Ivy McKinley, Celine Garcia, Karla Moreira, Angel Novo, Dr. Kimmy Kee-Rose, and Dr. Kirsten Olson
Recent studies have demonstrated the negative impact of the COVID-19 pandemic on higher education. Specifically, the levels of stress, anxiety, and depression have significantly increased among college students during the COVID-19 outbreak. There is urgent need to develop interventions and preventive strategies to address the psychological distress of college students. This ongoing study examines the effects of a peer-to-peer workshop, “Recognize and Refer,” based on the active bystander intervention model designed to help students learn how to recognize and respond to signs of distress in themselves and/or their peers. Twenty-five students at a California public university have been recruited and assessed from February to March 2022. Participants were randomly assigned to engage in a “Recognize and Refer” or a control workshop on time management skills presented online for 60 minutes. Measures of health-seeking behaviors includes the Inventory of Attitudes Toward Seeking Mental Health Services and the Gatekeeper Behavior Scale. These measures were administered before the workshop and 2 weeks later. Complete data analyses will be available in April 2022. We hypothesize that participants in the “Recognize and Refer” workshop will be better able to recognize signs of psychological distress and refer themselves and/or their peers to mental health services compared to their counterparts in the control workshop. They will also report less stigma regarding accessing mental health services and resources compared to the control sample. Findings from this study may potentially increase our understanding of the role of peer-to-peer intervention strategies in reducing psychological distress in college students.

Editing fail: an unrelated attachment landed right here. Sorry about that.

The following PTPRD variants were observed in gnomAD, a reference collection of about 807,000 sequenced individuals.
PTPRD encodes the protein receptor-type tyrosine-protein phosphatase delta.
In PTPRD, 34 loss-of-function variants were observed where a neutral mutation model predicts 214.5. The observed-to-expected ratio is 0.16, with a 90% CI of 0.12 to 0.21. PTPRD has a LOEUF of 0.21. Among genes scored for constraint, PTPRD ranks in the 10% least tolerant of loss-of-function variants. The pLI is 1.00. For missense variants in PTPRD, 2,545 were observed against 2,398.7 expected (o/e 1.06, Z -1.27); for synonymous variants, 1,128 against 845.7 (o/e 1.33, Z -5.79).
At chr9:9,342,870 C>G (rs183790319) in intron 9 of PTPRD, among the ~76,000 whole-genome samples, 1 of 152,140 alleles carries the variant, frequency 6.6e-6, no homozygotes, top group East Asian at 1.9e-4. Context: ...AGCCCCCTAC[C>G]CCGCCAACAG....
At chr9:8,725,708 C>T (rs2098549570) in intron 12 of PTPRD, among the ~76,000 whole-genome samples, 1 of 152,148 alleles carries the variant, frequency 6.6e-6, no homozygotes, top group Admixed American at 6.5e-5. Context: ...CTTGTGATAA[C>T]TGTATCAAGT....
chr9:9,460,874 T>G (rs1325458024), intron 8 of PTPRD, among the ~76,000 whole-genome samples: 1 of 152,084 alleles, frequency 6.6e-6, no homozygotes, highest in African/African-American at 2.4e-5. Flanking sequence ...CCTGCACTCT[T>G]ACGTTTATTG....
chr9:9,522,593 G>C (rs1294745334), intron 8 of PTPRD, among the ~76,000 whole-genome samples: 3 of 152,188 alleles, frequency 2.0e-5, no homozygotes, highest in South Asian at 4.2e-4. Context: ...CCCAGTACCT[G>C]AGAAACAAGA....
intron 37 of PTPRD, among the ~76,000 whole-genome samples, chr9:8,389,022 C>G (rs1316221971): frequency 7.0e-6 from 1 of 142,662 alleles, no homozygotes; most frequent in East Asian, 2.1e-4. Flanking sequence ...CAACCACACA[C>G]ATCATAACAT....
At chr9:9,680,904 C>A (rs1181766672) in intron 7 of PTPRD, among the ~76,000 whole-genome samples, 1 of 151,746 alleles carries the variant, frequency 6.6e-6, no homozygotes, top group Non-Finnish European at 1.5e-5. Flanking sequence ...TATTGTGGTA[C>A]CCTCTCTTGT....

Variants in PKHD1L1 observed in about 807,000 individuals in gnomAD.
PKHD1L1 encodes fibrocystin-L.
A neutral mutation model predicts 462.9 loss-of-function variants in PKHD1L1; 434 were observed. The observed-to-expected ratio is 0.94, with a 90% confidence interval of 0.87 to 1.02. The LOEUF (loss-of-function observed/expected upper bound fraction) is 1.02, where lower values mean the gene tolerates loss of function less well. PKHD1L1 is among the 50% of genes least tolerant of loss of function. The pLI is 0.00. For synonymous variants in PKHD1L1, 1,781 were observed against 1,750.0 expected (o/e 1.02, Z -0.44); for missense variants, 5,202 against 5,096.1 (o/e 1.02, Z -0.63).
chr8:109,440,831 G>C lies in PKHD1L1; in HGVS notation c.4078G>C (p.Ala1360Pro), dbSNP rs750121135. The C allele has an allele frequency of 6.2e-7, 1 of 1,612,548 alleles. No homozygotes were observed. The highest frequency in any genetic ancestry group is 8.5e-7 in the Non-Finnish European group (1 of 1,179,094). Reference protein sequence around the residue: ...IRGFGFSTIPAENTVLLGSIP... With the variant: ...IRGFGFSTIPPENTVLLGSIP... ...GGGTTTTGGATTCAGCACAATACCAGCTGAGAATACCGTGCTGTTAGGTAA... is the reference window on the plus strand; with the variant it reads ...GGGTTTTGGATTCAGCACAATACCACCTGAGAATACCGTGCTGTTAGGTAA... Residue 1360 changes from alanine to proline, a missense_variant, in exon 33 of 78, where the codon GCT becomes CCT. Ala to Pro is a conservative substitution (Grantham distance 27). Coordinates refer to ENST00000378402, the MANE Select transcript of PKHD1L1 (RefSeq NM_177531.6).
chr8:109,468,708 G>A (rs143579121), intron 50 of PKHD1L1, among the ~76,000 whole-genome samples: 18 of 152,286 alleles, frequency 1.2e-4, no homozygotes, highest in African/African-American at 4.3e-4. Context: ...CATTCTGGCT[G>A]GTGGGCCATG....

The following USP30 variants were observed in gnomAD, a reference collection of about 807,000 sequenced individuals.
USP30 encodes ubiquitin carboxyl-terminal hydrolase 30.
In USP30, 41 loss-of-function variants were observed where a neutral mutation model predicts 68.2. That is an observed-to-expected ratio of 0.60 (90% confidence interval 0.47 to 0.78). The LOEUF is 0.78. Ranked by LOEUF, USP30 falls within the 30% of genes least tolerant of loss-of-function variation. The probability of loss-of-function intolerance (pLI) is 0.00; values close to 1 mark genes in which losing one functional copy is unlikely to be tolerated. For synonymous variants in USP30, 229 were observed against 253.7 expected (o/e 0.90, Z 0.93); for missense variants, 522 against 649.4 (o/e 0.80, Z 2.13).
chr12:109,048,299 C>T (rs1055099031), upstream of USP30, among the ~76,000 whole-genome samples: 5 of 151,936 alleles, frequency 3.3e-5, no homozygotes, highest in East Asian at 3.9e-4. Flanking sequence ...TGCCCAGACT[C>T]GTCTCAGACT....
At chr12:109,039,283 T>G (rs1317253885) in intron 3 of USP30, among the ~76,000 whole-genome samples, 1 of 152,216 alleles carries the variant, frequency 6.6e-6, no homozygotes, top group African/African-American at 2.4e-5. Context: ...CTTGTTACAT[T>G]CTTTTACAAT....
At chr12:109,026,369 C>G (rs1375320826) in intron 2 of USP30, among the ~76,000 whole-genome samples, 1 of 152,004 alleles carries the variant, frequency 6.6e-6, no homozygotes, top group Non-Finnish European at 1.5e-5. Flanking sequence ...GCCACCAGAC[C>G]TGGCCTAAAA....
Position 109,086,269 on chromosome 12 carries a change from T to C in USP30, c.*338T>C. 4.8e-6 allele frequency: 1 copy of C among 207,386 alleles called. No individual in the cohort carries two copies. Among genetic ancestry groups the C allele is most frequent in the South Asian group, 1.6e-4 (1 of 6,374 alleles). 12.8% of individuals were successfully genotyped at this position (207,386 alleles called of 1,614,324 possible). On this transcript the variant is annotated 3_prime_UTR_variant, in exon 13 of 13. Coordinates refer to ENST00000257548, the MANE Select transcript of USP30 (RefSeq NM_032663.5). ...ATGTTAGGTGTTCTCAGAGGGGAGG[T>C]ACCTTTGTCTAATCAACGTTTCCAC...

Session 1 – 1:30p.m. – 2:45p.m.
Room C – Sierra 2411